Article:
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Italy's rucking players would be best advised to watch out for Hendo

The 23-year-old lock shows a constant appetite for counter-rucking.

THERE ARE FEW defensive acts that excite rugby supporters as much as a jackal turnover at the breakdown.

The likes of David Pocock have made an art of the skill, pouncing straight onto the ball post-tackle, clamping into position and either ripping it clean away from the carrier or forcing the penalty.

Key to this type of disruption of possession is arriving on scene first, beating the rucking player in the ‘shoulder battle.’ The race to the ball is essential on both sides.

Iain Henderson has shown he is more than capable of that turnover, but his armoury also includes destructive counter-rucking skill. Even when the rucking player gets there first, the 23-year-old so often refuses to accept the ruck as a lost cause.

HENDO

The sight of Henderson violently counter-rucking is an increasingly regular one, as against Wales in the World Cup warm-ups in the example above.

There was more evidence of Henderson’s counter-rucking against Canada at this World Cup when he started in the second row alongside Paul O’Connell and there’s likely to be further examples this weekend against Italy.

Cian Healy is another eager practitioner of the counter-ruck, although Henderson says it’s not the case that this powerful pair have been specifically tasked with counter-rucking.

I think it’s spotting opportunities, trying to work to feet, work to your feet as fast as possible (after the tackle) and then having a glance to see if you can maybe do a bit of damage there,” says Henderson.

“You’ll see many times where you might have a dip into the ruck and you don’t get any benefit out of it. The odd time when the (rucking player) isn’t quite as switched on as he should be, you might reap some rewards from it.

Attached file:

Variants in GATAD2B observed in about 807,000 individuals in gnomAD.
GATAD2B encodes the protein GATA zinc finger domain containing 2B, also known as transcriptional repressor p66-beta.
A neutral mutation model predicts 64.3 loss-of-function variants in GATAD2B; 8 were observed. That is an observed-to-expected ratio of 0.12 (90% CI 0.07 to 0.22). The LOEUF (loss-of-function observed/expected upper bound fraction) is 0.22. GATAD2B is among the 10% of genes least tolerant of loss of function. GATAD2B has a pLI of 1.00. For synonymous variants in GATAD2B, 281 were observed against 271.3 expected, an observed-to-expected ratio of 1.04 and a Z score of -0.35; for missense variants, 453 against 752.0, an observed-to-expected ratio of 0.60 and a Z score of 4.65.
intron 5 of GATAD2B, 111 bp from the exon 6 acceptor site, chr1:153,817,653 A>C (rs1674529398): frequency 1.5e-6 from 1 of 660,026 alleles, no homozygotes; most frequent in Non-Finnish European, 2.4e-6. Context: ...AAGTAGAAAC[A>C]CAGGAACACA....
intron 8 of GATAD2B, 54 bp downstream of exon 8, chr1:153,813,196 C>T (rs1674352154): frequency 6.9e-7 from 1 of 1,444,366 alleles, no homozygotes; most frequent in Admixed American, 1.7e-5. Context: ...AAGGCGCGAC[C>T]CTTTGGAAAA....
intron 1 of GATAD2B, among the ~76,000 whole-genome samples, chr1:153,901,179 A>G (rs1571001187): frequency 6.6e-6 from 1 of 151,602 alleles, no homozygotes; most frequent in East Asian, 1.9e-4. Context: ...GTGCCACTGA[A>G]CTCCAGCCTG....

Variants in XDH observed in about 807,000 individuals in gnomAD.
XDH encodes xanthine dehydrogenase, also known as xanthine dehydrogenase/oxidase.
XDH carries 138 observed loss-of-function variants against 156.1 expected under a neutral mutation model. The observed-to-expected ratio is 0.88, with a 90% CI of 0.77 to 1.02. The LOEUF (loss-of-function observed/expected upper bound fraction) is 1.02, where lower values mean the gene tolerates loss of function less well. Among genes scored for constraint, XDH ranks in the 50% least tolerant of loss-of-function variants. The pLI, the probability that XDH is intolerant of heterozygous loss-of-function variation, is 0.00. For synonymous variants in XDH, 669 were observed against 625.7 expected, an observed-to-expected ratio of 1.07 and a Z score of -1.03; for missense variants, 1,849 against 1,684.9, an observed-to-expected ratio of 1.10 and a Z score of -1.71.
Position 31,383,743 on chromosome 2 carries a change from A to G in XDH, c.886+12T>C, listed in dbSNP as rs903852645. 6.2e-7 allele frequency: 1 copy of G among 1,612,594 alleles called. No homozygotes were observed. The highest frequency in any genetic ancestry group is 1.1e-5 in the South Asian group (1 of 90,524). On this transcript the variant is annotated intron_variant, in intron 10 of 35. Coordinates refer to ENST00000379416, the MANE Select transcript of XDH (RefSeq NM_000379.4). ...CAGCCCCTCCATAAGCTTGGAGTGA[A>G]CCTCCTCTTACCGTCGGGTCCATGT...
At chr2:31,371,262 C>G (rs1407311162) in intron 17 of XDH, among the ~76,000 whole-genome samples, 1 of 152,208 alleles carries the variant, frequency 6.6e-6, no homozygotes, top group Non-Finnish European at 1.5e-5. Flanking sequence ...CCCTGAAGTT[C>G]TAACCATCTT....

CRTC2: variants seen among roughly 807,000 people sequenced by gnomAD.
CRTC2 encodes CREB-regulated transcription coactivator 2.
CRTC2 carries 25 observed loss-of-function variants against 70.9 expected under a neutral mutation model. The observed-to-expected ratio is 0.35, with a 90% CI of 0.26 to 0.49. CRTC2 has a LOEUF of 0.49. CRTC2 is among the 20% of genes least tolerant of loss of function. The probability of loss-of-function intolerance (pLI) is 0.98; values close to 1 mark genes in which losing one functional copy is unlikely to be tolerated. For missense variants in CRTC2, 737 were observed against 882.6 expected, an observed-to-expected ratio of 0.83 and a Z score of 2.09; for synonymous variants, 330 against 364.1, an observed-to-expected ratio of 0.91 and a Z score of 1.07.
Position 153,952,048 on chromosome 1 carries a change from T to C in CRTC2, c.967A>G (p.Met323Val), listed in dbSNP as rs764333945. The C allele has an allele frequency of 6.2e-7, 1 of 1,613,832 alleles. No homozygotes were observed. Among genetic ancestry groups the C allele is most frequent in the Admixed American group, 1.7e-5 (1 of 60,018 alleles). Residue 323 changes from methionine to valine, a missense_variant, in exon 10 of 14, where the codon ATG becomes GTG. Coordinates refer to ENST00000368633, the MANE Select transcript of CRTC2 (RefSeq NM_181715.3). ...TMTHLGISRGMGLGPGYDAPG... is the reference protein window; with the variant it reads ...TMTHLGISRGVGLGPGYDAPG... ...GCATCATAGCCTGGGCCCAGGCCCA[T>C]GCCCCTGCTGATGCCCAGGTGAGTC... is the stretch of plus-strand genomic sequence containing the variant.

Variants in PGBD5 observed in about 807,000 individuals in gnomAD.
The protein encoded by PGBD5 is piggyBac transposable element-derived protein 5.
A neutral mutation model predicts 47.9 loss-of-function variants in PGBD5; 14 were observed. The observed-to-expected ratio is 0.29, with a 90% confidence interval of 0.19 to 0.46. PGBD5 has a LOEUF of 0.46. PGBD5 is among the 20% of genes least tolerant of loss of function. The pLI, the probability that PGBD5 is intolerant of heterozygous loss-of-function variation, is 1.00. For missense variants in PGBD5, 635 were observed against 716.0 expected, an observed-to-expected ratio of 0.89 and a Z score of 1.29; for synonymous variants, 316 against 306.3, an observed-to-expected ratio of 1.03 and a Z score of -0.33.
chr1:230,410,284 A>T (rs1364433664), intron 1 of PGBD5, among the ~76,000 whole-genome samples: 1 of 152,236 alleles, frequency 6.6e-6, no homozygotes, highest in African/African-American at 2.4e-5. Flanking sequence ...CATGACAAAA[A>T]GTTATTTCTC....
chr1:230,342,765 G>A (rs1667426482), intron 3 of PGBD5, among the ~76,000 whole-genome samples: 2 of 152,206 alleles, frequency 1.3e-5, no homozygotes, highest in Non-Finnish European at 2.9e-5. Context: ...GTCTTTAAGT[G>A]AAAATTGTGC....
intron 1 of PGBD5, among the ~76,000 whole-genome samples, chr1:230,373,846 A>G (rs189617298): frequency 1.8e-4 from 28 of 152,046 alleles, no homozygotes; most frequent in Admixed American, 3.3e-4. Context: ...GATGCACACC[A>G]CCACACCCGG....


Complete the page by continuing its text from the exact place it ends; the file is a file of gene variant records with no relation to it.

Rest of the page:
“However, it’s more of a spur of the moment kind of thing.”

The ‘work to feet’ part is key here.

Joe Schmidt’s reservation around Henderson in the past was his work rate over the course of an 80-minute shift. The recent evidence is that the message has been hammered home to the lock, as he fights back to his feet after completing a first action and strives to make a second contribution, even a third.

Iain Henderson Henderson starts for Ireland against Italy on Sunday. Source: Dan Sheridan/INPHO

Now it’s about using his increased fitness and appetite in the smartest way possible, meaning that ploughing into every single defensive ruck is not always the answer. Oftentimes, resisting the temptation to slam into a stationary guard over the ball and instead joining the defensive line is the right thing to do.

“I think the more you do, the more you realise that you can’t go chasing every ruck,” says Henderson.

“I think that’s where Wales are very good, and Scotland are very good as well, in getting 13, 14, maybe even sometimes 15 defenders on their feet in the line and not wasting players in the ruck.

It comes to the stage where if you’re trying to counter-ruck and don’t get any benefit, with a tackler in there too, you’re just shortening the defensive line and it gives them opportunities out the back.

“You need to be a bit more switched on and clued in. Maybe if you make the tackle, get back to your feet and counter-ruck, maybe do the two jobs at once, which is more beneficial to the team.”

One to keep an eye out for on Sunday for sure, especially if you’re an Italian standing guard at the ruck.

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About the author:

Murray Kinsella

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